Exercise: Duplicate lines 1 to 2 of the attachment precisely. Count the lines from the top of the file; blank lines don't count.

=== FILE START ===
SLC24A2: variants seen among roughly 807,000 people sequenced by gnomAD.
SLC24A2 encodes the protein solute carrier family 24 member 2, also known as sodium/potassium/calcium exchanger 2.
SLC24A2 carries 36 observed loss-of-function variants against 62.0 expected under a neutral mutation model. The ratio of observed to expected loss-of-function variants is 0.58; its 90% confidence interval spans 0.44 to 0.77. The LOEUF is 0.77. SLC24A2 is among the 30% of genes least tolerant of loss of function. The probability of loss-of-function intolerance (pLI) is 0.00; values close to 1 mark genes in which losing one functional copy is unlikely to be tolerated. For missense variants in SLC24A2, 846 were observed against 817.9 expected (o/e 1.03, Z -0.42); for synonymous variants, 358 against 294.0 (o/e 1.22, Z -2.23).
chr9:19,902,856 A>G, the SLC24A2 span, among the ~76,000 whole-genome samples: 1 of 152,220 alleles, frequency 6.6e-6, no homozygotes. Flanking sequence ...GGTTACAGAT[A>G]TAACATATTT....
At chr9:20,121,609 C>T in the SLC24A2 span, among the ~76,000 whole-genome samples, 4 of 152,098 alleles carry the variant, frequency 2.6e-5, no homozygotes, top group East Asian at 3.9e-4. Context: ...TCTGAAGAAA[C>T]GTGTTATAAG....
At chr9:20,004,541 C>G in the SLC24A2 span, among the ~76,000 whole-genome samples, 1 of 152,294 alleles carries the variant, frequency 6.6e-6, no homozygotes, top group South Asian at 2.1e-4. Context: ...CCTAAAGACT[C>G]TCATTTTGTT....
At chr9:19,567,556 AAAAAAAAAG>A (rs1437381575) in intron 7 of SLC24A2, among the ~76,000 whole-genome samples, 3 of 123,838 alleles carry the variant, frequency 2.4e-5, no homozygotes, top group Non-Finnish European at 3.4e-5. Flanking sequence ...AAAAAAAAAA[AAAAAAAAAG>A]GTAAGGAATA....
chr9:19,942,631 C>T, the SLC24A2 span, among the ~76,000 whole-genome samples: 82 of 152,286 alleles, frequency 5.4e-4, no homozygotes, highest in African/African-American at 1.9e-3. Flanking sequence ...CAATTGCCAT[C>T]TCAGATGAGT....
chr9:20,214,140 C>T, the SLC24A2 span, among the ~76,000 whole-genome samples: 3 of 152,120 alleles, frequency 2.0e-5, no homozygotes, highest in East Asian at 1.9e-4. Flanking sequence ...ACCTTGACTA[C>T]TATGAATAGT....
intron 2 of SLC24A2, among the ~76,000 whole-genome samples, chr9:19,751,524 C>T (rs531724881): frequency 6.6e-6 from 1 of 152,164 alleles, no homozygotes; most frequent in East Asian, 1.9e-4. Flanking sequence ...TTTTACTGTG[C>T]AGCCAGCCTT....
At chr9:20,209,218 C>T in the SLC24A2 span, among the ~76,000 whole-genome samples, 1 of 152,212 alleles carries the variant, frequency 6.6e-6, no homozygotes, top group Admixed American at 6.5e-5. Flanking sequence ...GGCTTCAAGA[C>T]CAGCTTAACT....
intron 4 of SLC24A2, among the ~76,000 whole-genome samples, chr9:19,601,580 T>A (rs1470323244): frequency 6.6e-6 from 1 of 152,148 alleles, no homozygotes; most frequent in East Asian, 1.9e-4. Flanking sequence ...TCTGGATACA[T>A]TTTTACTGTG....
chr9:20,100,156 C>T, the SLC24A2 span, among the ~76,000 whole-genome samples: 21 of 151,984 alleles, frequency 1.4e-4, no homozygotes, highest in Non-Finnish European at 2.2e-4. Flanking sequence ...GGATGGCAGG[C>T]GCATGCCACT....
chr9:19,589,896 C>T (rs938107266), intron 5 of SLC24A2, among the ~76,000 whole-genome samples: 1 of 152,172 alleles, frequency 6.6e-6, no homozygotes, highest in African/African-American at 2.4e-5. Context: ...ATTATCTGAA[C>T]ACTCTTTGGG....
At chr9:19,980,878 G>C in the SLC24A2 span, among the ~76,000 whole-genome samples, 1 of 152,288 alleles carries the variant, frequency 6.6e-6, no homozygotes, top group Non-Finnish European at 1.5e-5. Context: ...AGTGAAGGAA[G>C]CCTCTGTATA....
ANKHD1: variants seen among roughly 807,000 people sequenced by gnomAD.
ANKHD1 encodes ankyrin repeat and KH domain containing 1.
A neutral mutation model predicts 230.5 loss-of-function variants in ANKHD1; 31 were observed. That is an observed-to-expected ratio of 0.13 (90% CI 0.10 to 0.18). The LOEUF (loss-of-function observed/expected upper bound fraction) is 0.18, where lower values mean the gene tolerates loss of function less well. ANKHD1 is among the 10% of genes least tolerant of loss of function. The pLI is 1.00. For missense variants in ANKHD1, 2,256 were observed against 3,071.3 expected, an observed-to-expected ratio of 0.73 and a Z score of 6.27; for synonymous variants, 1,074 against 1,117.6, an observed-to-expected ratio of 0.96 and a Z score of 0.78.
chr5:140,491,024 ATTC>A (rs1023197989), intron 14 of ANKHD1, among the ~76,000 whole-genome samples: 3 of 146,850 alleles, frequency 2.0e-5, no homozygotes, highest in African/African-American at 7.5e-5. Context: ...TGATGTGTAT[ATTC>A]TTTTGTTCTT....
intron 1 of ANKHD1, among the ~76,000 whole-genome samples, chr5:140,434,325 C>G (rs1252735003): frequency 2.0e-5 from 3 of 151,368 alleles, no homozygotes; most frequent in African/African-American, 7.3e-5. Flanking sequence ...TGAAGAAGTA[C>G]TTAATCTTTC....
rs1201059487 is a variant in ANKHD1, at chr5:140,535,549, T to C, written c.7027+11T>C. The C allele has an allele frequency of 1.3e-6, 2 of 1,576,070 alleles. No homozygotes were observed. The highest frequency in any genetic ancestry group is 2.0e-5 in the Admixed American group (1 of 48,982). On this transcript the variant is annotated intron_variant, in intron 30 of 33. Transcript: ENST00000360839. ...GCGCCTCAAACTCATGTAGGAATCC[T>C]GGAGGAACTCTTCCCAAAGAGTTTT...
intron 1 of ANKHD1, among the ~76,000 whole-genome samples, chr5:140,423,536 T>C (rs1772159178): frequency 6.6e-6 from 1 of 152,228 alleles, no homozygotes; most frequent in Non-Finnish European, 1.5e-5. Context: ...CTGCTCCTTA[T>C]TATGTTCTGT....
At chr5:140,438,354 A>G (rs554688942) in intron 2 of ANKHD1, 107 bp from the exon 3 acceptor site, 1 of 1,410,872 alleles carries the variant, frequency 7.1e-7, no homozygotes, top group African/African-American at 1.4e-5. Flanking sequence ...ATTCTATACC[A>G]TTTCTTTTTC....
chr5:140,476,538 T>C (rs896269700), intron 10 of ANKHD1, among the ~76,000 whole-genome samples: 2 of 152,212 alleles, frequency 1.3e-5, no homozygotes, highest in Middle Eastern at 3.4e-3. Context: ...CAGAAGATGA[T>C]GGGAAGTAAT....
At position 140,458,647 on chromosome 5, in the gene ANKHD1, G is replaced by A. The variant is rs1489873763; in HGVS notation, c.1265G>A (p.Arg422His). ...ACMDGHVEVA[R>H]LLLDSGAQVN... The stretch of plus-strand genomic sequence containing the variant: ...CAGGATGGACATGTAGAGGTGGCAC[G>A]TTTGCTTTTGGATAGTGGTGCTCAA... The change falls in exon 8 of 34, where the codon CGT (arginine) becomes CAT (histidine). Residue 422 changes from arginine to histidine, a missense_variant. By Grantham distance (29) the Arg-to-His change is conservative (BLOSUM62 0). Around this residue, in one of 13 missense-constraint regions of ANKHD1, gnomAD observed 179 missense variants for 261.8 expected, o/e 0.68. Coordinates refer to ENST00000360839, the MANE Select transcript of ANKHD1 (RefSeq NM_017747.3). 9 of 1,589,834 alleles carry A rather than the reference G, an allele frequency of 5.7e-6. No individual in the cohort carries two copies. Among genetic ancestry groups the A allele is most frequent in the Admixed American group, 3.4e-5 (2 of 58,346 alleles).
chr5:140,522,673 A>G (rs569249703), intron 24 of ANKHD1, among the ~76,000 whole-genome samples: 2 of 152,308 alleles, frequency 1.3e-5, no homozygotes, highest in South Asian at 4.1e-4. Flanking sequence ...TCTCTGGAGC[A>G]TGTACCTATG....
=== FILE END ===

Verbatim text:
SLC24A2: variants seen among roughly 807,000 people sequenced by gnomAD.
SLC24A2 encodes the protein solute carrier family 24 member 2, also known as sodium/potassium/calcium exchanger 2.